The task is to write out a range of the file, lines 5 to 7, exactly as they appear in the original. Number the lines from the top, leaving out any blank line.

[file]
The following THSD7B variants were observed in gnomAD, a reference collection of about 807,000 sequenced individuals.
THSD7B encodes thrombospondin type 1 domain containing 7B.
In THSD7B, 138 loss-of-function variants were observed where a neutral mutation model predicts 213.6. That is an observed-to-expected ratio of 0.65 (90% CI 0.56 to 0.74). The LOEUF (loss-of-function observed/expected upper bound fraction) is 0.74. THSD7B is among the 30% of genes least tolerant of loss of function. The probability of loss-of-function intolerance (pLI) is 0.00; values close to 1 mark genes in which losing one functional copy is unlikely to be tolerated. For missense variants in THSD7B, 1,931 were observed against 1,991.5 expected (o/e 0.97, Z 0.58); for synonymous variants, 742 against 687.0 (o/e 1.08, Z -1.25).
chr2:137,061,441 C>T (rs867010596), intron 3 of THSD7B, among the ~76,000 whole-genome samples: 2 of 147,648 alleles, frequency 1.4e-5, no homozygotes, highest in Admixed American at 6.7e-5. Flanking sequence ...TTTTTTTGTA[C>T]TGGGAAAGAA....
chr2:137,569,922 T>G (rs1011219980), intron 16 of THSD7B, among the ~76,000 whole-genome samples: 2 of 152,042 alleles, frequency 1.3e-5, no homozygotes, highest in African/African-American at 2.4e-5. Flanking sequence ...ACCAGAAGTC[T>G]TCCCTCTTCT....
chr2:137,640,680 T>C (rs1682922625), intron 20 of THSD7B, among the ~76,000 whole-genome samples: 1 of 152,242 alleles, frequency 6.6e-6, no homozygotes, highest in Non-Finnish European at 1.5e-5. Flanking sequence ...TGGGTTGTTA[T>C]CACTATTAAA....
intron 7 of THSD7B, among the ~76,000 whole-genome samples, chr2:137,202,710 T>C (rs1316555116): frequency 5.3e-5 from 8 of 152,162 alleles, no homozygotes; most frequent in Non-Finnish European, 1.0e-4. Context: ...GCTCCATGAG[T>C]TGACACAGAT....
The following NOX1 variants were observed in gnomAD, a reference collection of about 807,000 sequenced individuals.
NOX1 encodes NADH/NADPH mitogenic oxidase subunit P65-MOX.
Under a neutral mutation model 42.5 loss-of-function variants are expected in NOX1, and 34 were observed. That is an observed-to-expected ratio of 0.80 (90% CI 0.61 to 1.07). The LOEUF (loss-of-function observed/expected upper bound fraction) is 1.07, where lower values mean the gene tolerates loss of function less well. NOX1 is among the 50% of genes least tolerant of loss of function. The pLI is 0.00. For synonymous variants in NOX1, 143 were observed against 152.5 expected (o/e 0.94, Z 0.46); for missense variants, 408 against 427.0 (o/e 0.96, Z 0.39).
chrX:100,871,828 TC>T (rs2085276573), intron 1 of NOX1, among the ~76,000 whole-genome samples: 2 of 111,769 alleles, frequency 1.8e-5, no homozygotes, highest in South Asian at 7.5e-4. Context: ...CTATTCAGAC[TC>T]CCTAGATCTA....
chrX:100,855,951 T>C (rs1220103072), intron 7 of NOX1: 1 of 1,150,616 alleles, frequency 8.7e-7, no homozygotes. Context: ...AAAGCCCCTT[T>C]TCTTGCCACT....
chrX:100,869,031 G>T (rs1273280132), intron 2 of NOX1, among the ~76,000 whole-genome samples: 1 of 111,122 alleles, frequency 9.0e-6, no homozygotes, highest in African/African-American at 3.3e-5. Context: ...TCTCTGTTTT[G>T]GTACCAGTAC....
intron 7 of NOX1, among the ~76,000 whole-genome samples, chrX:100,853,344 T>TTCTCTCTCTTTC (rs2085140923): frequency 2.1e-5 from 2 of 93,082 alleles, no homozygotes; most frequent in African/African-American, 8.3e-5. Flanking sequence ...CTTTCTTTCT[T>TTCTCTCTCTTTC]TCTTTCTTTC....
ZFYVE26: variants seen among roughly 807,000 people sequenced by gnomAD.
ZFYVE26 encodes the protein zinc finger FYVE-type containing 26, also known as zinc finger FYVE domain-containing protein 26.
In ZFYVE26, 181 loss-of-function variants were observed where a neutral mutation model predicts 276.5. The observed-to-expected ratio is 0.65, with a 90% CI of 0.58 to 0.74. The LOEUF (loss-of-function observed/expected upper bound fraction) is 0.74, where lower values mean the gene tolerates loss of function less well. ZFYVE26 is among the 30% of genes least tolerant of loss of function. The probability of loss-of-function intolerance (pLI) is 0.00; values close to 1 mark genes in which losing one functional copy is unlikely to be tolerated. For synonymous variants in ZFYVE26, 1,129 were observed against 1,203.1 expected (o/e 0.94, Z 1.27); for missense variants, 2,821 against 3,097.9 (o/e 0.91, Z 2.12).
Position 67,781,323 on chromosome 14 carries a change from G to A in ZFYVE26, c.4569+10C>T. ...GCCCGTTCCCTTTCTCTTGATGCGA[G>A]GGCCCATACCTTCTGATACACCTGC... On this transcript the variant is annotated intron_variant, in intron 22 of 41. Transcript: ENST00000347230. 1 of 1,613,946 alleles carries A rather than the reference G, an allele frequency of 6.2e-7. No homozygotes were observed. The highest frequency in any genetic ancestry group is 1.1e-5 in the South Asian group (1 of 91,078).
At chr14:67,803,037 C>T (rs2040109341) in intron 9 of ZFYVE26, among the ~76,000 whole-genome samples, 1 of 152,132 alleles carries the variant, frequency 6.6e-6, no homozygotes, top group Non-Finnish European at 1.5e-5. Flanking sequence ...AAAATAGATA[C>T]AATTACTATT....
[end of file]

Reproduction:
chr2:137,569,922 T>G (rs1011219980), intron 16 of THSD7B, among the ~76,000 whole-genome samples: 2 of 152,042 alleles, frequency 1.3e-5, no homozygotes, highest in African/African-American at 2.4e-5. Flanking sequence ...ACCAGAAGTC[T>G]TCCCTCTTCT....
chr2:137,640,680 T>C (rs1682922625), intron 20 of THSD7B, among the ~76,000 whole-genome samples: 1 of 152,242 alleles, frequency 6.6e-6, no homozygotes, highest in Non-Finnish European at 1.5e-5. Flanking sequence ...TGGGTTGTTA[T>C]CACTATTAAA....
intron 7 of THSD7B, among the ~76,000 whole-genome samples, chr2:137,202,710 T>C (rs1316555116): frequency 5.3e-5 from 8 of 152,162 alleles, no homozygotes; most frequent in Non-Finnish European, 1.0e-4. Context: ...GCTCCATGAG[T>C]TGACACAGAT....